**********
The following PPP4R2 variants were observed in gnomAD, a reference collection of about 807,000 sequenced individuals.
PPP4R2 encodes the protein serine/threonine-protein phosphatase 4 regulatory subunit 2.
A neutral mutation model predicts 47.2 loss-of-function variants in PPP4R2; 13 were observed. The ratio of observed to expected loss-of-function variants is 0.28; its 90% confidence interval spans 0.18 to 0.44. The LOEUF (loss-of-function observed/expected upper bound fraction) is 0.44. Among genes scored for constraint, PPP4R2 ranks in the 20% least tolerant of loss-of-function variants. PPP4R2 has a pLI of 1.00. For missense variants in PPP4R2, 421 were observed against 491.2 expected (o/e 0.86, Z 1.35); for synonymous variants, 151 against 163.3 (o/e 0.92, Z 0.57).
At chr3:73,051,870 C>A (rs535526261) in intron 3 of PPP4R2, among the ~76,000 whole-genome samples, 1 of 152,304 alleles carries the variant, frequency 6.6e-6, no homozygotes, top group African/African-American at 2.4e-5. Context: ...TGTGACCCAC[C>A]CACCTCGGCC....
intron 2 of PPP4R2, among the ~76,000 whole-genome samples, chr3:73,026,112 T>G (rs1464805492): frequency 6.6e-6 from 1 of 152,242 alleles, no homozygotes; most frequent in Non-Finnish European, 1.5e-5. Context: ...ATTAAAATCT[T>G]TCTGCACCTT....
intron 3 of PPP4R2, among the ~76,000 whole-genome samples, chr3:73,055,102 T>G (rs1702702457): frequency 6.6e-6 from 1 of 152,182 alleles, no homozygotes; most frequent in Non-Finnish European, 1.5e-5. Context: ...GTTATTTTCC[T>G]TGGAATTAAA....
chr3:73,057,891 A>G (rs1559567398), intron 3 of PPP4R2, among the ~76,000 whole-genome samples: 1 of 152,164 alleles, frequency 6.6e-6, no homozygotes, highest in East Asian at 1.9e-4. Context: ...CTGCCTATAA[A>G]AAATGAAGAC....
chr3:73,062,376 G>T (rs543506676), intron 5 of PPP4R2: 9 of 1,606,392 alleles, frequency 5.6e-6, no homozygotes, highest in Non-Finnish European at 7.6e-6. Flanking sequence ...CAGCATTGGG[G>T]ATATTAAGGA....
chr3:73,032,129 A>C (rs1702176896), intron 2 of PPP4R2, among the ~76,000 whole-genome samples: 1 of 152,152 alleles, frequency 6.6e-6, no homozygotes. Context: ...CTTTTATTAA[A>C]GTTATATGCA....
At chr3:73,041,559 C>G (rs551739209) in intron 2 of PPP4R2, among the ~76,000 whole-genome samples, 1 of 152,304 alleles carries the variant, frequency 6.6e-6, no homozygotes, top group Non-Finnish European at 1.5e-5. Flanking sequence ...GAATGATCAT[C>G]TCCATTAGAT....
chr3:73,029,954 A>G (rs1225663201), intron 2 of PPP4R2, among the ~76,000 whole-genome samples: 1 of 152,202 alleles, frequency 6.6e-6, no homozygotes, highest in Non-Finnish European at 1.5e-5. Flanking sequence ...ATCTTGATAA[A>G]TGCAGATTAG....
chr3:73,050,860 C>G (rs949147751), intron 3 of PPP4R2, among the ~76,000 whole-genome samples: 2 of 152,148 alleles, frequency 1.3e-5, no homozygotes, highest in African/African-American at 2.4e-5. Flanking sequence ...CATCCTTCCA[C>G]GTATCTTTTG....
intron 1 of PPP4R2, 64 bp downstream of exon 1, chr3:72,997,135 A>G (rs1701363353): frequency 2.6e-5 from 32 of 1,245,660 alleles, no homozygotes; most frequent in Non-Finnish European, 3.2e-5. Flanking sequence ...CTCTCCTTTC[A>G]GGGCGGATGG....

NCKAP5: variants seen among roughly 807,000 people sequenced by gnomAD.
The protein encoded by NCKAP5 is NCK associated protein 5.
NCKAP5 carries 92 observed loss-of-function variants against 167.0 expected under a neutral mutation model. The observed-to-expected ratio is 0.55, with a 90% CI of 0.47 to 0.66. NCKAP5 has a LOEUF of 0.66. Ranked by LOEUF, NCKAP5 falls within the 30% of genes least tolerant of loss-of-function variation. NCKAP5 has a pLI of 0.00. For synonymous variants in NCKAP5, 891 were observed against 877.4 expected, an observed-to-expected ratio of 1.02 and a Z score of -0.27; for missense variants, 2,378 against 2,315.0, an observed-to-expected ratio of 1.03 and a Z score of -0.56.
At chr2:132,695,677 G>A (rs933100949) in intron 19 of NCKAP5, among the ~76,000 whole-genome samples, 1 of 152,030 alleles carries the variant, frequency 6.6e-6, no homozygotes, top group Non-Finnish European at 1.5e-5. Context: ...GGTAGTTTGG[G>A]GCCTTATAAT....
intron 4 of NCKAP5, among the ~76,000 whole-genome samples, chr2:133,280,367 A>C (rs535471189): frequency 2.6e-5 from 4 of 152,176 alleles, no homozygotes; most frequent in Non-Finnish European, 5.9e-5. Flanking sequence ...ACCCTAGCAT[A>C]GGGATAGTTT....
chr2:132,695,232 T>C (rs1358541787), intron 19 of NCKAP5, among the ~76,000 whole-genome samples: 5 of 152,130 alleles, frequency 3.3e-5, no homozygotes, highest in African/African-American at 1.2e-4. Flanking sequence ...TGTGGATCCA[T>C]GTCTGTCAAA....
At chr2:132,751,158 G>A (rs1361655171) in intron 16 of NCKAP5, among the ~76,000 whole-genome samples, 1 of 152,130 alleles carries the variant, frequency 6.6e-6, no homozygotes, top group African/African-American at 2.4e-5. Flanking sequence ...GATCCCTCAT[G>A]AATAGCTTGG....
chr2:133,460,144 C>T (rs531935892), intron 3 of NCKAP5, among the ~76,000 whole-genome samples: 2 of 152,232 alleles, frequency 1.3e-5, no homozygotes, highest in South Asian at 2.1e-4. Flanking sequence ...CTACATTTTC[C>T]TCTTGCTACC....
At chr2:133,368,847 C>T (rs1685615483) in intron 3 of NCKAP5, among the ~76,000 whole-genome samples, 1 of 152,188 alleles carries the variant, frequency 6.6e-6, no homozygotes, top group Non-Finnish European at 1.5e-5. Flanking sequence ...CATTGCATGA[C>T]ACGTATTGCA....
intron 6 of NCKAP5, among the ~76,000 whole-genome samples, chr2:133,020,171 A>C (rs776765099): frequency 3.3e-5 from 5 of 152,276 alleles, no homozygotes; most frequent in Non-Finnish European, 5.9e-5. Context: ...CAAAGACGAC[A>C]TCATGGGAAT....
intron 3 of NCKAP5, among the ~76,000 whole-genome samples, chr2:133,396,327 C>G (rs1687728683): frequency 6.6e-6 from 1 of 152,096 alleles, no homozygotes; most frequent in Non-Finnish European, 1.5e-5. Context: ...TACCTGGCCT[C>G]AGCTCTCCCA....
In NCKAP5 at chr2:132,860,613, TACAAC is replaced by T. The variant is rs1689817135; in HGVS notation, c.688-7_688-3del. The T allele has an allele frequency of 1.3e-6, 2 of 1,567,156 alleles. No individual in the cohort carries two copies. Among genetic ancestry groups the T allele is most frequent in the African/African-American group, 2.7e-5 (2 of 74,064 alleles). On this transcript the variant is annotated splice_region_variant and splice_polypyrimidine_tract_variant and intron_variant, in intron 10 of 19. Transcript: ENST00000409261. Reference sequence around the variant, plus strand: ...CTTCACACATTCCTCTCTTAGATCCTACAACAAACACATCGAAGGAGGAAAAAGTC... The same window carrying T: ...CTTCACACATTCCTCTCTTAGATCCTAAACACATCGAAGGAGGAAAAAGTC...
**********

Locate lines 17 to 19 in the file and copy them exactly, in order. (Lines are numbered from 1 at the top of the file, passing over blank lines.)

At chr2:132,695,677 G>A (rs933100949) in intron 19 of NCKAP5, among the ~76,000 whole-genome samples, 1 of 152,030 alleles carries the variant, frequency 6.6e-6, no homozygotes, top group Non-Finnish European at 1.5e-5. Context: ...GGTAGTTTGG[G>A]GCCTTATAAT....
intron 4 of NCKAP5, among the ~76,000 whole-genome samples, chr2:133,280,367 A>C (rs535471189): frequency 2.6e-5 from 4 of 152,176 alleles, no homozygotes; most frequent in Non-Finnish European, 5.9e-5. Flanking sequence ...ACCCTAGCAT[A>C]GGGATAGTTT....
chr2:132,695,232 T>C (rs1358541787), intron 19 of NCKAP5, among the ~76,000 whole-genome samples: 5 of 152,130 alleles, frequency 3.3e-5, no homozygotes, highest in African/African-American at 1.2e-4. Flanking sequence ...TGTGGATCCA[T>C]GTCTGTCAAA....